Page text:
This guest blog post was written by National Institute on Alcohol Abuse and Alcoholism (NIAAA) Director George F. Koob, Ph.D., and can also be found on NIAAA’s Director’s Blog.
As the New Year rolls in, many people examine their lifestyle choices, including their relationship with alcohol. These observations often lead to New Year’s resolutions, such as participating in “Dry January.” Dry January is a health and wellness trend that emphasizes taking a break from alcohol for an entire month. This break gives you a chance to evaluate your relationship with alcohol and allows you to gain an understanding of what is motivating you to drink and how it is impacting your life. The insights gained while taking a break from alcohol can help guide better choices moving forward.
Depending on how much a person drinks, taking a break from alcohol for a month could lead to myriad positive changes. Some people might discover their alcohol use was irritating their stomach, disrupting their sleep, causing weight gain, contributing to conflicts, or that they relied more on alcohol for stress relief than they thought. Waking up without the fatigue, malaise and other common symptoms of hangovers could greatly improve one’s quality of life. In addition, potential improvements in health and wellbeing could have positive effects on relationships. And, for some people, the financial savings could be substantial. Research has also shown that taking a month-long break from alcohol can be good for the liver.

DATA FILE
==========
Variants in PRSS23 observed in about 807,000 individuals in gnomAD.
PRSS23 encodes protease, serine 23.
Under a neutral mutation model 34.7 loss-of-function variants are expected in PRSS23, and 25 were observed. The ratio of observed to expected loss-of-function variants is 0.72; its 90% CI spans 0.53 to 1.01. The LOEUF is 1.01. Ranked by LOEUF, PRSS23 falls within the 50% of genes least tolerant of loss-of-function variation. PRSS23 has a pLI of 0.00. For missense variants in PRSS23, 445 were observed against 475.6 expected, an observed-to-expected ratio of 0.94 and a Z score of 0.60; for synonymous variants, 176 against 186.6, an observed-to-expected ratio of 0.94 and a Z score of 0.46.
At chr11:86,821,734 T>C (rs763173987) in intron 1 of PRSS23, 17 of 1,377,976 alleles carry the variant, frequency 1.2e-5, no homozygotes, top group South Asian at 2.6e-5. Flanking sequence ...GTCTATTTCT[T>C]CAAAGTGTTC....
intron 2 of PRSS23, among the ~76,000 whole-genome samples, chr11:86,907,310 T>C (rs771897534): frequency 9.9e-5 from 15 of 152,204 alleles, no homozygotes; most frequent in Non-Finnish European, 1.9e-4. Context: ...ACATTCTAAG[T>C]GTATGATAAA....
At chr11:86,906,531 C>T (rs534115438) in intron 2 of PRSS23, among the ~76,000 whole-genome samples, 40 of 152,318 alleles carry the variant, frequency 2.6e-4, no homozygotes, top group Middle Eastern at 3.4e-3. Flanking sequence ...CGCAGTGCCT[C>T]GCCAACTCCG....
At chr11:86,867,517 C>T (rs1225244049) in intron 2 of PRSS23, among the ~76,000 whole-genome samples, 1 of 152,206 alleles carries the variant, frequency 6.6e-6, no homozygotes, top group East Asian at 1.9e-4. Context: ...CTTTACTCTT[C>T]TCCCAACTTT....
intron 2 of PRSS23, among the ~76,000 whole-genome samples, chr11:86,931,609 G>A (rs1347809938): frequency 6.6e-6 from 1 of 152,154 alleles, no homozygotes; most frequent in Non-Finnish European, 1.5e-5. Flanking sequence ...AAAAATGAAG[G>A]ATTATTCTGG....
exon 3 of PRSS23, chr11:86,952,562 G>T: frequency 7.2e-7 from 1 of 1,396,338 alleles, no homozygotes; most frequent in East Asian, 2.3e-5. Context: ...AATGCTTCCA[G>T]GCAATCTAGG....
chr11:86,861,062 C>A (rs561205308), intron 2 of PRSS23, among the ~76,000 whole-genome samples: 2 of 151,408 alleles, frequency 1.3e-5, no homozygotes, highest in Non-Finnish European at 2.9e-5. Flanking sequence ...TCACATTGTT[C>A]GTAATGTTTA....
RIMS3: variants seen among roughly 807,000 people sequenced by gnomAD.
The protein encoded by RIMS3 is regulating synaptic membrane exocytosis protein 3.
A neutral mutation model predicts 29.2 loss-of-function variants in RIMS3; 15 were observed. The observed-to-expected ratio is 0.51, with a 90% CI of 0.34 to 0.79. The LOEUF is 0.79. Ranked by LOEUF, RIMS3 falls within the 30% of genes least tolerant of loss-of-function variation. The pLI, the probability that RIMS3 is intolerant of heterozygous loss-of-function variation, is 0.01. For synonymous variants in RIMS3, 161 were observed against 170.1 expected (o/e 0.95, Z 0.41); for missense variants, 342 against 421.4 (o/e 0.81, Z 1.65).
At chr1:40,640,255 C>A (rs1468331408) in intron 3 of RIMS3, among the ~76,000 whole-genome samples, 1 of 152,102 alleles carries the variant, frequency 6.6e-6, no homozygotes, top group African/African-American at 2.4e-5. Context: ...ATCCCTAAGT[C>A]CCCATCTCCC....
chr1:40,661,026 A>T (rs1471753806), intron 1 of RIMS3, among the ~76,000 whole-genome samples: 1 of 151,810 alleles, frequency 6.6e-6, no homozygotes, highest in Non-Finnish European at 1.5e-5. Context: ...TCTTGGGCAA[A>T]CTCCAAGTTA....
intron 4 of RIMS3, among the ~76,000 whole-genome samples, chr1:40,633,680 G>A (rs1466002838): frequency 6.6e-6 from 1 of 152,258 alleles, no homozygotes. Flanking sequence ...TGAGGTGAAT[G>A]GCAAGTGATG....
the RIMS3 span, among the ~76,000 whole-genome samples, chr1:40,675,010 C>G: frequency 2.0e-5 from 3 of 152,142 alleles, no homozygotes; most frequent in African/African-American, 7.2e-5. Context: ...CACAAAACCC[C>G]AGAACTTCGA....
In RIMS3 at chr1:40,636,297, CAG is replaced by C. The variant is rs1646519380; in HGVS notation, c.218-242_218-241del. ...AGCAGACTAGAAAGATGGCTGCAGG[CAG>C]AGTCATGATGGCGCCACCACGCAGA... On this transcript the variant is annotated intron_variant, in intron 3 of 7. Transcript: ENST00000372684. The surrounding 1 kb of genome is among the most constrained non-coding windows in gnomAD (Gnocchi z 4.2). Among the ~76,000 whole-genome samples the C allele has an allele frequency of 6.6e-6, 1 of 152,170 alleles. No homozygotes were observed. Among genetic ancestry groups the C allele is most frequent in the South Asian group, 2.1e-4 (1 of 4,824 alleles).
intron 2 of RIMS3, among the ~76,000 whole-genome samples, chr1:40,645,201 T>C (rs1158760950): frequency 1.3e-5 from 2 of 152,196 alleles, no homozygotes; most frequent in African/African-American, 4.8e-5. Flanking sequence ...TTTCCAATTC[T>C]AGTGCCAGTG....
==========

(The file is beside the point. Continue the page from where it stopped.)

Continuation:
For a successful Dry January, as with dieting, having a plan in place when the allotted break time ends is important. Otherwise, it is easy to slip back into old habits. If you decide to return to drinking, stay within the U.S. Dietary Guidelines 2020-2025 for alcohol consumption, i.e., adults of legal drinking age who choose to drink should drink in moderation by limiting intake to 2 drinks or less in a day for men and 1 drink or less in a day for women, when alcohol is consumed. Drinking less is better for health than drinking more. Some people, however, should avoid alcohol completely. This includes individuals who take certain over-the-counter or prescription medications, have certain medical conditions, are underage, are pregnant or trying to become pregnant, are planning to drive or participate in other activities that require skill, coordination, or alertness, or are recovering from AUD or unable to control the amount of alcohol that they drink. People who have consumed alcohol heavily over time and want to reduce or stop drinking should seek medical help to monitor for and to prevent against potentially painful or even deadly withdrawal symptoms.
If you decide to take a break from alcohol during January or any time of the year the NIAAA website, Rethinking Drinking, has strategies that can help you stop drinking. These include tips for cutting down or quitting, reminder strategies to help you remember why and how you decided to it, and ways your family and friends can support you. All these strategies can help you stay motivated in your efforts to take a break from alcohol. Rethinking Drinking is also a tool for helping you examine your relationship with alcohol. If you determine you need help with a drinking problem, the NIAAA Treatment Navigator provides information about treatment options, including telehealth and online mutual support.
George F. Koob, Ph.D.